Like many of the 80's toy remakes, this too got an overhaul. It is now a garish orb or cube like device devoid of any personality. I miss the clunky box the size of a TV. I may have expressed my olfactory fascination with you before, but this toy also had a certain smell. The Lite-Brite had a warm, friendly smell to it; mainly due to the fan in the back that kept the box from overheating. But also, the plastic pegs smelled sweetly and the paper even smelled mellow like construction paper after it is heated...which is essentially what it was I guess. Sometimes I would use actual construction paper but it never seemed to do the job like the kind you purchased in the refill packs. You eventually had to retire the sheets because once you stuck a hole in it, you had to always go back and stick a peg in it or blinding white light would shoot out and that just wasn't cool.One of the other great toys that I remember from the 80's (and I use the word "toy" lightly here) was Magic Rocks. I think I remember them as Magic Crystals or something but in researching it, it comes up as Magic Rocks. I might have had an off-brand or something. Like Shrinky Dinks, this too was only feasable with parental supervision. I know that there was a lot of stuff in the 80's that probably should have had parental controls on them but what kid would want to actually eat these foul smelling sulpher rocks? If you did you wouldn't even be able to see them grow and where's the fun in that? Anyway, this was one of those things that gave you a little satisfaction at the start but then you had to wait all night before it would reach its zenith. But once it did, man oh man! What a sight! And it would last for days and days and days. The problem with Magic Rocks is that you never really quite knew exactly how the crystals would form so you never got a really perfect growth (like on the box) but you had some really wicked looking stalagmites!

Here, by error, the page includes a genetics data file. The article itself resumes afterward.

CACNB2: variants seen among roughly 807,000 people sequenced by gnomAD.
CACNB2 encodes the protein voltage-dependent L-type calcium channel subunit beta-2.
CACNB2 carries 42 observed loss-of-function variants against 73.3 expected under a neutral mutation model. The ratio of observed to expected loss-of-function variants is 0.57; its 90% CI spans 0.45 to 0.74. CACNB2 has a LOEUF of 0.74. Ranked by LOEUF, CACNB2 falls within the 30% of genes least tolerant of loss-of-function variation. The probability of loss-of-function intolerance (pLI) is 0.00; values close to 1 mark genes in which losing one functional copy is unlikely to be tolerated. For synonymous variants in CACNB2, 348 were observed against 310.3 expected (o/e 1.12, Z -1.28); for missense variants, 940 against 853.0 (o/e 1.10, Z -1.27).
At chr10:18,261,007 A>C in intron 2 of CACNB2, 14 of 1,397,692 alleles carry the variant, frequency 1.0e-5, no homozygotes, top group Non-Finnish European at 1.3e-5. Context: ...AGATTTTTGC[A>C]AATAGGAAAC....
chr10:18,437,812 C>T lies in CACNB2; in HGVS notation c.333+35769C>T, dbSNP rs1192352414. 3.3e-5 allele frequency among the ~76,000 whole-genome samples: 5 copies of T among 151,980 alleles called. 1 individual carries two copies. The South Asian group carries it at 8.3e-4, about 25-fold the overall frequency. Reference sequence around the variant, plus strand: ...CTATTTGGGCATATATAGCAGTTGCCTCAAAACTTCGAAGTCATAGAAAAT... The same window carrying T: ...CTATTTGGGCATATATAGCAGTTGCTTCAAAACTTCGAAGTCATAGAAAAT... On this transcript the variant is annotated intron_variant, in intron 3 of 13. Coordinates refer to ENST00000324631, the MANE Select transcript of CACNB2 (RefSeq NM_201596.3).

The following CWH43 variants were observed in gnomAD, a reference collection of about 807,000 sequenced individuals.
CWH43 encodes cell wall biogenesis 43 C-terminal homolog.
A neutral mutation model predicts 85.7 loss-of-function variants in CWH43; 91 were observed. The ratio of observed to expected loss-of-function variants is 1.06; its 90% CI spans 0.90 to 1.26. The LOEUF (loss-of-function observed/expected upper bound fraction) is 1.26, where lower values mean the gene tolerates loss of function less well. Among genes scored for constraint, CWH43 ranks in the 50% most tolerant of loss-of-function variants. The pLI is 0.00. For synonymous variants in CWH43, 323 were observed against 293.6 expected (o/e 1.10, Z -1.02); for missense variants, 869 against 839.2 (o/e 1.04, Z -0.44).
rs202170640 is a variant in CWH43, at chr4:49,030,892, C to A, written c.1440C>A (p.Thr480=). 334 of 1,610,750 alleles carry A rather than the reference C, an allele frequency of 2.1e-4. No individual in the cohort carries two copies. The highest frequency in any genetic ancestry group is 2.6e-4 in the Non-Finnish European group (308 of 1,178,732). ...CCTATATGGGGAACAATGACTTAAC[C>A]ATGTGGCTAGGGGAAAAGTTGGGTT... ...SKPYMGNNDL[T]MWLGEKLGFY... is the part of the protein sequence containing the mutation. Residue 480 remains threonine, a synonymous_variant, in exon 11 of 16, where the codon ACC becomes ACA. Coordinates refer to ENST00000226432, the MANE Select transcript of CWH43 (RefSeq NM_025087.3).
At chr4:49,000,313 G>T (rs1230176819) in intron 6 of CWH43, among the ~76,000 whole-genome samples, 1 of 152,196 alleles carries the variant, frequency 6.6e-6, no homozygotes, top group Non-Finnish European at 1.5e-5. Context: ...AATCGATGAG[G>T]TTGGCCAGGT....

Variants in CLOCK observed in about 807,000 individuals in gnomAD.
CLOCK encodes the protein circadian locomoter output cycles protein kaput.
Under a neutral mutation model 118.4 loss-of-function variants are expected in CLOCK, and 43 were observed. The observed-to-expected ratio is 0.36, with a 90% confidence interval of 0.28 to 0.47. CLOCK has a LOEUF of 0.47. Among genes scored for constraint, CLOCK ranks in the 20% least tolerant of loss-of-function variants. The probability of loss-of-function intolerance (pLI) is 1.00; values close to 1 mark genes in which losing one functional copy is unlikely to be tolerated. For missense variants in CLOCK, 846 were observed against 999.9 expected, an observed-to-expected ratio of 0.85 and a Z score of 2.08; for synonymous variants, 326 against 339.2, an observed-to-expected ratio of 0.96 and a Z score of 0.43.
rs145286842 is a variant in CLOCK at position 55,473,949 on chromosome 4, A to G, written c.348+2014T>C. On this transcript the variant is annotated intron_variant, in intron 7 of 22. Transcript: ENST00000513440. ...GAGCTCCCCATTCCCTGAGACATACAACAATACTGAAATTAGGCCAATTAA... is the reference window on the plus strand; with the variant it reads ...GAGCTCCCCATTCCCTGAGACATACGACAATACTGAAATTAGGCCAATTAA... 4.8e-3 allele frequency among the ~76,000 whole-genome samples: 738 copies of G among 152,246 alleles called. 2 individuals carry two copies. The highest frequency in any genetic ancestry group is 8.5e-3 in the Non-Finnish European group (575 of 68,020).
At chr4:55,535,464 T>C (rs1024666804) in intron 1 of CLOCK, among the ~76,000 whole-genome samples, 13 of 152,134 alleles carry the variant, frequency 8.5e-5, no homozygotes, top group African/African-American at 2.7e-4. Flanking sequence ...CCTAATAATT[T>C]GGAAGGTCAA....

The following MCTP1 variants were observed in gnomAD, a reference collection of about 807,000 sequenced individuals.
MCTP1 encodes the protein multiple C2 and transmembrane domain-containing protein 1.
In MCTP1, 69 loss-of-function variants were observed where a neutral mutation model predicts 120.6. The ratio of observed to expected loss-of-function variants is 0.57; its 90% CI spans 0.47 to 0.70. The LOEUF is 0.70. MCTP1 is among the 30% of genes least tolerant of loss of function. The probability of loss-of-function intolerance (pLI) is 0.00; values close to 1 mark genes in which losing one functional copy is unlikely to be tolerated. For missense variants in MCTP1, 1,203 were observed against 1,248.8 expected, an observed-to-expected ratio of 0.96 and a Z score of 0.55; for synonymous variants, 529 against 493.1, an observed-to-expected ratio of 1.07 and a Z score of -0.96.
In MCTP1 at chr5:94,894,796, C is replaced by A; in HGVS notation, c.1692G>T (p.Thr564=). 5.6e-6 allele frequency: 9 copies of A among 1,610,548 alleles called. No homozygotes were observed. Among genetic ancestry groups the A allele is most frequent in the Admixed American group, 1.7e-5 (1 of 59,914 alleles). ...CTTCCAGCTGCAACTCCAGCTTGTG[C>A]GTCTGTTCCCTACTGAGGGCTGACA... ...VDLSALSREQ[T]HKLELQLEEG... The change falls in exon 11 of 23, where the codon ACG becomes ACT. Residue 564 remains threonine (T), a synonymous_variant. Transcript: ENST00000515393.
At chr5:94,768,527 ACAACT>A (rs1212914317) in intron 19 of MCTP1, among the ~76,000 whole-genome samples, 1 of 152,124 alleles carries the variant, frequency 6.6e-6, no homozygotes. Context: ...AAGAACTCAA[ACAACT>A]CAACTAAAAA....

The death of your Magic Rocks empire would usually come when you were told to move the damn fish bowl to your bedroom (because you just had to make this stew on the dining room table) and in the process of carrying this fragile universe, any sudden move would send your pink and purple castles crashing down leaving nothing but stumps and floating spears of your once great work of art.